The company is exposed to certain risks relating to its ongoing business operations including changes to interest rates, currency exchange rates and commodity prices. The company uses derivative instruments primarily to manage currency exchange and interest rate risks. The company recognizes derivative instruments as either assets or liabilities and measures those instruments at fair value. If a derivative is a hedge, depending on the nature of the hedge, changes in the fair value of the derivative are either offset against the change in fair value of the hedged item through earnings or recognized in other comprehensive income until the hedged item is recognized in earnings. Derivatives that are not designated as hedges are recorded at fair value through earnings.

The company uses short-term forward and option currency-exchange contracts primarily to hedge certain balance sheet and operational exposures resulting from changes in currency exchange rates, predominantly intercompany loans and cash balances that are denominated in currencies other than the functional currencies of the respective operations. These contracts principally hedge transactions denominated in euro, British pounds sterling, Chinese yuan, Australian dollars, and Swedish krona. The company does not hold or engage in transactions involving derivative instruments for purposes other than risk management. As of December 31, 2013, the company had no outstanding foreign exchange contracts that were hedging anticipated purchases or sales.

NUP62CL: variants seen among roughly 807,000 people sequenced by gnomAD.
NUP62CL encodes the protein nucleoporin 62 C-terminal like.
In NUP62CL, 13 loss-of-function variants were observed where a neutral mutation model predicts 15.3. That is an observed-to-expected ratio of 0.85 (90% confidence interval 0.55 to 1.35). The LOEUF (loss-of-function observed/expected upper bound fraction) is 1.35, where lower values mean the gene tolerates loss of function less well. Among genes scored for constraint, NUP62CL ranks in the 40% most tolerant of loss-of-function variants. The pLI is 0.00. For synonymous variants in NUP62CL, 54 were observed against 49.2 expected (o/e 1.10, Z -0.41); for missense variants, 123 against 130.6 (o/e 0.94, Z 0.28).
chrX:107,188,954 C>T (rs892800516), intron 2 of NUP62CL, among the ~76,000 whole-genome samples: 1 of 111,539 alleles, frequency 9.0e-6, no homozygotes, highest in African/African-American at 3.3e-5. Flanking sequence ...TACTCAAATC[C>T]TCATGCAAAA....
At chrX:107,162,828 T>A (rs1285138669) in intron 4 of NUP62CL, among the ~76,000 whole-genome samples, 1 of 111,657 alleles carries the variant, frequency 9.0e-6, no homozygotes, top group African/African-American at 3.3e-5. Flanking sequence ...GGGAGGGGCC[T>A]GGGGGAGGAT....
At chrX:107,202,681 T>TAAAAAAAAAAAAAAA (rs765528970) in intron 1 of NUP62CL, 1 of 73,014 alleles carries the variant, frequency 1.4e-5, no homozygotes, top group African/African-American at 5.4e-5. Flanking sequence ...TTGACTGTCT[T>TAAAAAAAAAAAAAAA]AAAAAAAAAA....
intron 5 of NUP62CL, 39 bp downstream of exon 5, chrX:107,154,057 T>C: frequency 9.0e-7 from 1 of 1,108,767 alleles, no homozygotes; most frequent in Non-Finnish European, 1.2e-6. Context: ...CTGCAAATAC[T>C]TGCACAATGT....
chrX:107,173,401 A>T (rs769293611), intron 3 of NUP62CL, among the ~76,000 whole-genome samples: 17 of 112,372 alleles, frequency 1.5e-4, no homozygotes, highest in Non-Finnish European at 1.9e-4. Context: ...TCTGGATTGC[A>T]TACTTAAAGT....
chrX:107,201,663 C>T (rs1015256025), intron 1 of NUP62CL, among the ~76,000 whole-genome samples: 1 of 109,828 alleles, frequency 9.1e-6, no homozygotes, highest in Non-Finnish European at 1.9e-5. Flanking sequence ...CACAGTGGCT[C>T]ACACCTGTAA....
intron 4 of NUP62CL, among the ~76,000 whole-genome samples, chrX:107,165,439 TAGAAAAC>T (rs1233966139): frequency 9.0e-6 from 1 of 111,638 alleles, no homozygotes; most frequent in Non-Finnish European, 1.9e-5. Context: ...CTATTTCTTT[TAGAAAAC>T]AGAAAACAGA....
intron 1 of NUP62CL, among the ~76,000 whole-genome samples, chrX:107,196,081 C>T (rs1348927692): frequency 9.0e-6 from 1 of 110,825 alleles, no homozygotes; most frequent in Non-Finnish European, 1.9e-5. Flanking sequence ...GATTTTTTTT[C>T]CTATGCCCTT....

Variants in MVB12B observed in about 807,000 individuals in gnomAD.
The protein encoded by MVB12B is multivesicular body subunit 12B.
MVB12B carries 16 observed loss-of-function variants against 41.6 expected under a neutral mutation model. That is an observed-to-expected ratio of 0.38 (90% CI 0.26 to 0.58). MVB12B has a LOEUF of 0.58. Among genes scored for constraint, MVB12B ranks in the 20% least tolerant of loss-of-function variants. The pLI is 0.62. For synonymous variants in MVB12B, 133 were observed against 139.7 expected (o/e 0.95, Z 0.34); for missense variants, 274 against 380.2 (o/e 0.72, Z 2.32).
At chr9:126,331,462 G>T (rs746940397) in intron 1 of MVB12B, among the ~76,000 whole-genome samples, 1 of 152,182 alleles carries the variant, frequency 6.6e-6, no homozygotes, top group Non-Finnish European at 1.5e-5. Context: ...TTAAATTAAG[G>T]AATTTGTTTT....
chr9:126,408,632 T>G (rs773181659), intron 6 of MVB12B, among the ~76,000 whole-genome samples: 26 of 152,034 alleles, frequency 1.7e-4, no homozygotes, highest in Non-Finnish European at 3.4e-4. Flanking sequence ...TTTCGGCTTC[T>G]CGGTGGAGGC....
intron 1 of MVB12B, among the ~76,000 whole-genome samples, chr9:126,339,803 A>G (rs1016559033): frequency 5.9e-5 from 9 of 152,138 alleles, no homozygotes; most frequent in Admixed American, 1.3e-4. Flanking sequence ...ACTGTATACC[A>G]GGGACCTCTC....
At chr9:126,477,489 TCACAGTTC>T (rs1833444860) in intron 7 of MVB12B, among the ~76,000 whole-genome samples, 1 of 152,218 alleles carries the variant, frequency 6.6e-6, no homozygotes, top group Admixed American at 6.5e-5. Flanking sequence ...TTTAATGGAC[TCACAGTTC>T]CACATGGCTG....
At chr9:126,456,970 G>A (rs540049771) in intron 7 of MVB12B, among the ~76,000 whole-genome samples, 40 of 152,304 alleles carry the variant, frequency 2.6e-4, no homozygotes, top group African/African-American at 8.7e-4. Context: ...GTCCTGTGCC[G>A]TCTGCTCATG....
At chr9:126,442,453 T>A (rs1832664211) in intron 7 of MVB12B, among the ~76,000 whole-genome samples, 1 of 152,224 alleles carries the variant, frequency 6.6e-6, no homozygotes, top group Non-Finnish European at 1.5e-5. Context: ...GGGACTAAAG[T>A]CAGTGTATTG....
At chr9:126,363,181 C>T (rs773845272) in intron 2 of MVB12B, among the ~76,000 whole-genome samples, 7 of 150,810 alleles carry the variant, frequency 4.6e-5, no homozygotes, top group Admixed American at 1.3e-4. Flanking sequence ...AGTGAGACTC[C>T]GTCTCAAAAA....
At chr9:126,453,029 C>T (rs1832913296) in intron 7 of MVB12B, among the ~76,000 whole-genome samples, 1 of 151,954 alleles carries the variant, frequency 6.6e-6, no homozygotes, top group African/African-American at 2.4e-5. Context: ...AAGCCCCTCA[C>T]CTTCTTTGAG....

Financial Statement Index

F-16

Table of Contents


THERMO FISHER SCIENTIFIC INC.

NOTES TO CONSOLIDATED FINANCIAL STATEMENTS (Continued)

Cash flow hedges. For derivative instruments that are designated and qualify as a cash flow hedge, the effective portion of the gain or loss on the derivative is reported as a component of other comprehensive income and reclassified into earnings in the same period or periods during which the hedged transaction affects earnings. As of December 31, 2013 and 2012, the company had no outstanding derivative contracts that were accounted for as cash flow hedges.

Fair value hedges. For derivative instruments that are designated and qualify as a fair value hedge, the gain or loss on the derivative, as well as the offsetting loss or gain on the hedged item attributable to the hedged risk, are recognized in earnings. During 2011 and 2013, in connection with new debt issuances, the company entered into interest rate swap arrangements. The company includes the gain or loss on the hedged items (fixed-rate debt) in the same line item (interest expense) as the offsetting effective portion of the loss or gain on the related interest rate swaps.